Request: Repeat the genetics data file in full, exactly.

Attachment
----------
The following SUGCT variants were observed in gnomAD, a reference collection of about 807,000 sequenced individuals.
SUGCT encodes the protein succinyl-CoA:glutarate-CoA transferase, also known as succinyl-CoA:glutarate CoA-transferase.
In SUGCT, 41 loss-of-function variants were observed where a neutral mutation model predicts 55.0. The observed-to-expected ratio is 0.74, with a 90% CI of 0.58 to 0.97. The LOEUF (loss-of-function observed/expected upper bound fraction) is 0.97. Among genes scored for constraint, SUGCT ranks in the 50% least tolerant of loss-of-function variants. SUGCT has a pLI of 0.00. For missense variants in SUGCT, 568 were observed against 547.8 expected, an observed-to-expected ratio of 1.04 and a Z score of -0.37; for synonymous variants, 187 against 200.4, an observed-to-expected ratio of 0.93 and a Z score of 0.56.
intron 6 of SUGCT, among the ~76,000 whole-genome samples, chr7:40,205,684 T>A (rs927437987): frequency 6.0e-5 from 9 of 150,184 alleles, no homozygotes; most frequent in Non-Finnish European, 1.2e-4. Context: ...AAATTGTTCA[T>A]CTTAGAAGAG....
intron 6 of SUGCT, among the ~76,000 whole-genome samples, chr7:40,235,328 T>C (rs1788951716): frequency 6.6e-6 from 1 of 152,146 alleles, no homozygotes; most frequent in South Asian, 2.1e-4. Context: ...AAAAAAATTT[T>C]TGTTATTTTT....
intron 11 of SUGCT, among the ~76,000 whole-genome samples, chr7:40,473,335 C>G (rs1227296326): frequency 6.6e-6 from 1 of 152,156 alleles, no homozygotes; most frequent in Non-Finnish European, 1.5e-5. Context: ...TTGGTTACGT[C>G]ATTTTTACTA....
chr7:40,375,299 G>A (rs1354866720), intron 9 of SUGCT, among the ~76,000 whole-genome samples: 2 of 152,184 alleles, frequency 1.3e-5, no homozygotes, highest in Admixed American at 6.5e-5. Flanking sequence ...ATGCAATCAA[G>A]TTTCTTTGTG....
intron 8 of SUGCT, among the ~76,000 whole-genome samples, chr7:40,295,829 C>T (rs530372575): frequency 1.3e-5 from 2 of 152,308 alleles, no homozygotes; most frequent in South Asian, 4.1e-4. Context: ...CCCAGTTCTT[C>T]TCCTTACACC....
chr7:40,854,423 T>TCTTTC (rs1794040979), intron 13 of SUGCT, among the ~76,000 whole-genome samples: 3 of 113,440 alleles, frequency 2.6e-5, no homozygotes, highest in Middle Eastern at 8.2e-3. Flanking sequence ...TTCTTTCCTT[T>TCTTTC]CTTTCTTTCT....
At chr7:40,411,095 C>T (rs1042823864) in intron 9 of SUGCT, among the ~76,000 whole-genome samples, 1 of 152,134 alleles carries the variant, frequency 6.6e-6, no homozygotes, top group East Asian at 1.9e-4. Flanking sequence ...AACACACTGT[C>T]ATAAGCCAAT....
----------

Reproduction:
The following SUGCT variants were observed in gnomAD, a reference collection of about 807,000 sequenced individuals.
SUGCT encodes the protein succinyl-CoA:glutarate-CoA transferase, also known as succinyl-CoA:glutarate CoA-transferase.
In SUGCT, 41 loss-of-function variants were observed where a neutral mutation model predicts 55.0. The observed-to-expected ratio is 0.74, with a 90% CI of 0.58 to 0.97. The LOEUF (loss-of-function observed/expected upper bound fraction) is 0.97. Among genes scored for constraint, SUGCT ranks in the 50% least tolerant of loss-of-function variants. SUGCT has a pLI of 0.00. For missense variants in SUGCT, 568 were observed against 547.8 expected, an observed-to-expected ratio of 1.04 and a Z score of -0.37; for synonymous variants, 187 against 200.4, an observed-to-expected ratio of 0.93 and a Z score of 0.56.
intron 6 of SUGCT, among the ~76,000 whole-genome samples, chr7:40,205,684 T>A (rs927437987): frequency 6.0e-5 from 9 of 150,184 alleles, no homozygotes; most frequent in Non-Finnish European, 1.2e-4. Context: ...AAATTGTTCA[T>A]CTTAGAAGAG....
intron 6 of SUGCT, among the ~76,000 whole-genome samples, chr7:40,235,328 T>C (rs1788951716): frequency 6.6e-6 from 1 of 152,146 alleles, no homozygotes; most frequent in South Asian, 2.1e-4. Context: ...AAAAAAATTT[T>C]TGTTATTTTT....
intron 11 of SUGCT, among the ~76,000 whole-genome samples, chr7:40,473,335 C>G (rs1227296326): frequency 6.6e-6 from 1 of 152,156 alleles, no homozygotes; most frequent in Non-Finnish European, 1.5e-5. Context: ...TTGGTTACGT[C>G]ATTTTTACTA....
chr7:40,375,299 G>A (rs1354866720), intron 9 of SUGCT, among the ~76,000 whole-genome samples: 2 of 152,184 alleles, frequency 1.3e-5, no homozygotes, highest in Admixed American at 6.5e-5. Flanking sequence ...ATGCAATCAA[G>A]TTTCTTTGTG....
intron 8 of SUGCT, among the ~76,000 whole-genome samples, chr7:40,295,829 C>T (rs530372575): frequency 1.3e-5 from 2 of 152,308 alleles, no homozygotes; most frequent in South Asian, 4.1e-4. Context: ...CCCAGTTCTT[C>T]TCCTTACACC....
chr7:40,854,423 T>TCTTTC (rs1794040979), intron 13 of SUGCT, among the ~76,000 whole-genome samples: 3 of 113,440 alleles, frequency 2.6e-5, no homozygotes, highest in Middle Eastern at 8.2e-3. Flanking sequence ...TTCTTTCCTT[T>TCTTTC]CTTTCTTTCT....
At chr7:40,411,095 C>T (rs1042823864) in intron 9 of SUGCT, among the ~76,000 whole-genome samples, 1 of 152,134 alleles carries the variant, frequency 6.6e-6, no homozygotes, top group East Asian at 1.9e-4. Flanking sequence ...AACACACTGT[C>T]ATAAGCCAAT....